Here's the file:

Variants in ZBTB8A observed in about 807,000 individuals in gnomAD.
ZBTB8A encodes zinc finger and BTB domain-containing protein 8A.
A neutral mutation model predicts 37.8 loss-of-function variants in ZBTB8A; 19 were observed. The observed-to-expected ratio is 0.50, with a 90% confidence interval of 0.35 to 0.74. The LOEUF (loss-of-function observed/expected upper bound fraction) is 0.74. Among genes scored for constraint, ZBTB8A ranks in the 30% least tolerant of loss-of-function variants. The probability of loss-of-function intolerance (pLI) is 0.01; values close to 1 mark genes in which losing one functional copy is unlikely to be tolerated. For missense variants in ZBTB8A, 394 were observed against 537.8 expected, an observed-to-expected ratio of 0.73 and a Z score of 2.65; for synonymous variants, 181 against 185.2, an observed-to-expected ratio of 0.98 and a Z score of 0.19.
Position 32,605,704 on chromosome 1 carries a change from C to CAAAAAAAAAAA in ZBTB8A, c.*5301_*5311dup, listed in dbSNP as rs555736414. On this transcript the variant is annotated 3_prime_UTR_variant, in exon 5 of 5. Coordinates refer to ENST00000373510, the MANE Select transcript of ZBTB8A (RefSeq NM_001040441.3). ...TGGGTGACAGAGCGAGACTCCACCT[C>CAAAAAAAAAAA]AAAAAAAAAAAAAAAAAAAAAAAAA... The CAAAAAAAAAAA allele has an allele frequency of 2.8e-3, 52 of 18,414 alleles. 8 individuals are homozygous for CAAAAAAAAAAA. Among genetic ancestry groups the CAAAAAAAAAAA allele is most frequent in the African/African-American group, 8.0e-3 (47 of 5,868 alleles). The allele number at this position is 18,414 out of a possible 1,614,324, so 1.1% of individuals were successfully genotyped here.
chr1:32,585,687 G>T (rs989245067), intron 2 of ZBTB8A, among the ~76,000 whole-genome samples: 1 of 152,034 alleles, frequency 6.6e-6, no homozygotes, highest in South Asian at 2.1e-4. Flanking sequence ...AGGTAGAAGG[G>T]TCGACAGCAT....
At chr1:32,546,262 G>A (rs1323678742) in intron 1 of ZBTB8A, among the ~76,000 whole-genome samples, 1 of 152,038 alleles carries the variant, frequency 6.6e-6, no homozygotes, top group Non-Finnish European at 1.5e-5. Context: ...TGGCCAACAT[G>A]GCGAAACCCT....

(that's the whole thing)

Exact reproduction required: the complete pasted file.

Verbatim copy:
Variants in ZBTB8A observed in about 807,000 individuals in gnomAD.
ZBTB8A encodes zinc finger and BTB domain-containing protein 8A.
A neutral mutation model predicts 37.8 loss-of-function variants in ZBTB8A; 19 were observed. The observed-to-expected ratio is 0.50, with a 90% confidence interval of 0.35 to 0.74. The LOEUF (loss-of-function observed/expected upper bound fraction) is 0.74. Among genes scored for constraint, ZBTB8A ranks in the 30% least tolerant of loss-of-function variants. The probability of loss-of-function intolerance (pLI) is 0.01; values close to 1 mark genes in which losing one functional copy is unlikely to be tolerated. For missense variants in ZBTB8A, 394 were observed against 537.8 expected, an observed-to-expected ratio of 0.73 and a Z score of 2.65; for synonymous variants, 181 against 185.2, an observed-to-expected ratio of 0.98 and a Z score of 0.19.
Position 32,605,704 on chromosome 1 carries a change from C to CAAAAAAAAAAA in ZBTB8A, c.*5301_*5311dup, listed in dbSNP as rs555736414. On this transcript the variant is annotated 3_prime_UTR_variant, in exon 5 of 5. Coordinates refer to ENST00000373510, the MANE Select transcript of ZBTB8A (RefSeq NM_001040441.3). ...TGGGTGACAGAGCGAGACTCCACCT[C>CAAAAAAAAAAA]AAAAAAAAAAAAAAAAAAAAAAAAA... The CAAAAAAAAAAA allele has an allele frequency of 2.8e-3, 52 of 18,414 alleles. 8 individuals are homozygous for CAAAAAAAAAAA. Among genetic ancestry groups the CAAAAAAAAAAA allele is most frequent in the African/African-American group, 8.0e-3 (47 of 5,868 alleles). The allele number at this position is 18,414 out of a possible 1,614,324, so 1.1% of individuals were successfully genotyped here.
chr1:32,585,687 G>T (rs989245067), intron 2 of ZBTB8A, among the ~76,000 whole-genome samples: 1 of 152,034 alleles, frequency 6.6e-6, no homozygotes, highest in South Asian at 2.1e-4. Flanking sequence ...AGGTAGAAGG[G>T]TCGACAGCAT....
At chr1:32,546,262 G>A (rs1323678742) in intron 1 of ZBTB8A, among the ~76,000 whole-genome samples, 1 of 152,038 alleles carries the variant, frequency 6.6e-6, no homozygotes, top group Non-Finnish European at 1.5e-5. Context: ...TGGCCAACAT[G>A]GCGAAACCCT....